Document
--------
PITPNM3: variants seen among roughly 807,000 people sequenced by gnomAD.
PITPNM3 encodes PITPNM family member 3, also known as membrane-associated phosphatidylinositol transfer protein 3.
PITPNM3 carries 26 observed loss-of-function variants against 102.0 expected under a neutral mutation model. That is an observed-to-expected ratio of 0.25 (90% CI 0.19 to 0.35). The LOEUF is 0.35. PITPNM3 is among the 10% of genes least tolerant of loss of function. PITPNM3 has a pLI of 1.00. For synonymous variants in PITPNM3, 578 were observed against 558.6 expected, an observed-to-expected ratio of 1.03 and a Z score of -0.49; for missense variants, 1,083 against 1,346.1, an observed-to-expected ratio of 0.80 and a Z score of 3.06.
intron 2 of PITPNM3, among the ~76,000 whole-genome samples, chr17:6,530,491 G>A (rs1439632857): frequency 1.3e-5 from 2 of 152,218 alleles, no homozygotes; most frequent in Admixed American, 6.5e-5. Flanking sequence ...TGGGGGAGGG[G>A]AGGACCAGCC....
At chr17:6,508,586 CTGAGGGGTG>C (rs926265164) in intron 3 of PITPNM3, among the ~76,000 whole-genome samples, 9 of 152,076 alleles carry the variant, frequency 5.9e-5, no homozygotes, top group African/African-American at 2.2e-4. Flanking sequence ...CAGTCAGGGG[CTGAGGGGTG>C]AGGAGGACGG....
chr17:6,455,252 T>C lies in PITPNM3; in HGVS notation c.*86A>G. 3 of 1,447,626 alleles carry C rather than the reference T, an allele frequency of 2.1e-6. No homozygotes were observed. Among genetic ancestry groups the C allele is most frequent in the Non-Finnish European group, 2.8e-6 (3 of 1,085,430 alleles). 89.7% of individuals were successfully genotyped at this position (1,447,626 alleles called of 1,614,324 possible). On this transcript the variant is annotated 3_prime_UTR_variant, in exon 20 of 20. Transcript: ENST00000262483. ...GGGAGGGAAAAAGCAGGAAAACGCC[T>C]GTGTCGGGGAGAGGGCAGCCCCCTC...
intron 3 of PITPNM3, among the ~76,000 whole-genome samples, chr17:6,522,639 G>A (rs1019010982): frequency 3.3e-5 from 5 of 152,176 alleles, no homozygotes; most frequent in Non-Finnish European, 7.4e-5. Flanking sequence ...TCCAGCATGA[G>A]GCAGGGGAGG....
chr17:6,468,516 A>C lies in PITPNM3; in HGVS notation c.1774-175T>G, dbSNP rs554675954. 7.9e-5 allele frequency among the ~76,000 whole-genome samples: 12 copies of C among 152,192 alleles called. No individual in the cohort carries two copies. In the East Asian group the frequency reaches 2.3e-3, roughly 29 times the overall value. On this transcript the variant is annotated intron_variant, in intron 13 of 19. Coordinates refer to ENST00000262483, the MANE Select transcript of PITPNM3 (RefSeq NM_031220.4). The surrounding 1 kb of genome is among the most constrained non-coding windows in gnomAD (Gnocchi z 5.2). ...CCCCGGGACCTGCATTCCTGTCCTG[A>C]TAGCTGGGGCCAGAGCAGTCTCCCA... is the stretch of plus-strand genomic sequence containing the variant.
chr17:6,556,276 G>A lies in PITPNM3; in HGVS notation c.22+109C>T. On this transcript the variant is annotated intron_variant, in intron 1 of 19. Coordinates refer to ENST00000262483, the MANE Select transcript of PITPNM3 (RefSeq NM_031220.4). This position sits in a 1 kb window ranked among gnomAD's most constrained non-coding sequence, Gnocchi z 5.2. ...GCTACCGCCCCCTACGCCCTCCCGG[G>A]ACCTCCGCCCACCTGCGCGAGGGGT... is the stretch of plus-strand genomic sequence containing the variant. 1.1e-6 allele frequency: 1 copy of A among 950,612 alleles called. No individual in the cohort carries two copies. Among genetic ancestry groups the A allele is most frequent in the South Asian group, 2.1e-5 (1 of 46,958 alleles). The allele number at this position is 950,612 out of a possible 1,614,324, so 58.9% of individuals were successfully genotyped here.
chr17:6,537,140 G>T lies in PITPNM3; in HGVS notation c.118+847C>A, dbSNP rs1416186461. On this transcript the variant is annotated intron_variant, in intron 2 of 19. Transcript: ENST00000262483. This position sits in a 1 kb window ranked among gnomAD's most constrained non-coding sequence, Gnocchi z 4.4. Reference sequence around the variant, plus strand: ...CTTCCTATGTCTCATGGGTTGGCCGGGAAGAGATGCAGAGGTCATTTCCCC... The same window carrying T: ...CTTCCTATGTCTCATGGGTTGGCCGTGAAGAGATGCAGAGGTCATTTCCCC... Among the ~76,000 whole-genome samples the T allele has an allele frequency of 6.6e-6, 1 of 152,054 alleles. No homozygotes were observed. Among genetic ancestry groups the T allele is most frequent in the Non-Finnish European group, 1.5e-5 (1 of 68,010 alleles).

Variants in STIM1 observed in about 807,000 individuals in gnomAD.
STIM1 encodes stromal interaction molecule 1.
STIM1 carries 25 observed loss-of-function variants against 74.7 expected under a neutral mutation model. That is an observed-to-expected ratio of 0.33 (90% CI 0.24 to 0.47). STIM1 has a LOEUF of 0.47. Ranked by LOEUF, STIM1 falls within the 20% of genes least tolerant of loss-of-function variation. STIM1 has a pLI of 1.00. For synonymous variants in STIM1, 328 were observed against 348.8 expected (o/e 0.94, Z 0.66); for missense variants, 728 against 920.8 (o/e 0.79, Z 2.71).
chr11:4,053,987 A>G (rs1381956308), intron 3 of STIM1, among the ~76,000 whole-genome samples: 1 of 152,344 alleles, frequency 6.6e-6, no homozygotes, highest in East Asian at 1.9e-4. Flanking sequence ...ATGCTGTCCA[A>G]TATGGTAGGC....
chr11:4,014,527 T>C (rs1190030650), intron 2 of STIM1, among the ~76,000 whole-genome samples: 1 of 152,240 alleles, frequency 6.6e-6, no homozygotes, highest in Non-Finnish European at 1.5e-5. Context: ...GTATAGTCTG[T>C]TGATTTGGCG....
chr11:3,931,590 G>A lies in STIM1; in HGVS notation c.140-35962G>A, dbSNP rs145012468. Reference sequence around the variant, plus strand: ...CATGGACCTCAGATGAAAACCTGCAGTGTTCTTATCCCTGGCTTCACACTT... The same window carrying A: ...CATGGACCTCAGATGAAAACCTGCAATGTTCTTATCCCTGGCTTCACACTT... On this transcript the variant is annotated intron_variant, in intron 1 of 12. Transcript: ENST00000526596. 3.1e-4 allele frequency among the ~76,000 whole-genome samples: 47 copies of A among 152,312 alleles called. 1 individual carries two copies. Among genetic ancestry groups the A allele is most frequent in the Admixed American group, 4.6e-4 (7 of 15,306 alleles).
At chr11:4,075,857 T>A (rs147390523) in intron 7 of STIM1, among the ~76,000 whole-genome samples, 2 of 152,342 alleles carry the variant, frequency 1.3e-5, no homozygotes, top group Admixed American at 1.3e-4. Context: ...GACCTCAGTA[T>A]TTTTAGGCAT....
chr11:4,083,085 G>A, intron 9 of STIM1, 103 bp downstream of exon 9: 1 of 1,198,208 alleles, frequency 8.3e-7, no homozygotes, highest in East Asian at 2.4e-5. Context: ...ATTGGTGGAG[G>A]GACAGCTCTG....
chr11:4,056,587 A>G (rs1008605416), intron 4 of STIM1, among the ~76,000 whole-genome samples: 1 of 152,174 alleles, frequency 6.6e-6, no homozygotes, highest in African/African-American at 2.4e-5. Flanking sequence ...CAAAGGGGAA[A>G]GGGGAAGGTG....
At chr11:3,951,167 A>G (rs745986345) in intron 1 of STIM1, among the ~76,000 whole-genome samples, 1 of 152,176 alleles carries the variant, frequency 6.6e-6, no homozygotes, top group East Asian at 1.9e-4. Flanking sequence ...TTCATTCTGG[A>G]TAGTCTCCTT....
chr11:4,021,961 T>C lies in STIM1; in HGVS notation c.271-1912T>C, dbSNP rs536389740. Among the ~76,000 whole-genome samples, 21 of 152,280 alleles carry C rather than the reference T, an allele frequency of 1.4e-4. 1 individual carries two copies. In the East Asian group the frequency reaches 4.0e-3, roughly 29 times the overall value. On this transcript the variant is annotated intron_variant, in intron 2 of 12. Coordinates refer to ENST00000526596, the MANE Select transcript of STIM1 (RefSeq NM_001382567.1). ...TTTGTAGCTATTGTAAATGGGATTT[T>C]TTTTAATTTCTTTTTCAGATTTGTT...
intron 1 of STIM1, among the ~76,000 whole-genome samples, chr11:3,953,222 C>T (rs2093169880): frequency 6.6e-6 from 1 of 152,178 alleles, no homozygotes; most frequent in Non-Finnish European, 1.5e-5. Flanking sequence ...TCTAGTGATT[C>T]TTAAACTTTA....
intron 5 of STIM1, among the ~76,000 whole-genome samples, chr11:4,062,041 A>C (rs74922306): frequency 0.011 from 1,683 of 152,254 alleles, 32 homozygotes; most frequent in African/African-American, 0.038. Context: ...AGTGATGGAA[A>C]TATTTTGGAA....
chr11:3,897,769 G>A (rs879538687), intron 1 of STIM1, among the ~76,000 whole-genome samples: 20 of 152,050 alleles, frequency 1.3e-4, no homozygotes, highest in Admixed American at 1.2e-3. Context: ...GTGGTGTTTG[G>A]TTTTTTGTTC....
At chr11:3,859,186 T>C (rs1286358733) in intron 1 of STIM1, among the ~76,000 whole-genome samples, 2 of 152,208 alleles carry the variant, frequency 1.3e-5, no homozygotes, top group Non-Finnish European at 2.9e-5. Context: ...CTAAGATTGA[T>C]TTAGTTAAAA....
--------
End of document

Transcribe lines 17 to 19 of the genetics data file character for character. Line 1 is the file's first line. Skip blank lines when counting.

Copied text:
At chr11:4,075,857 T>A (rs147390523) in intron 7 of STIM1, among the ~76,000 whole-genome samples, 2 of 152,342 alleles carry the variant, frequency 1.3e-5, no homozygotes, top group Admixed American at 1.3e-4. Context: ...GACCTCAGTA[T>A]TTTTAGGCAT....
chr11:4,083,085 G>A, intron 9 of STIM1, 103 bp downstream of exon 9: 1 of 1,198,208 alleles, frequency 8.3e-7, no homozygotes, highest in East Asian at 2.4e-5. Context: ...ATTGGTGGAG[G>A]GACAGCTCTG....
chr11:4,056,587 A>G (rs1008605416), intron 4 of STIM1, among the ~76,000 whole-genome samples: 1 of 152,174 alleles, frequency 6.6e-6, no homozygotes, highest in African/African-American at 2.4e-5. Flanking sequence ...CAAAGGGGAA[A>G]GGGGAAGGTG....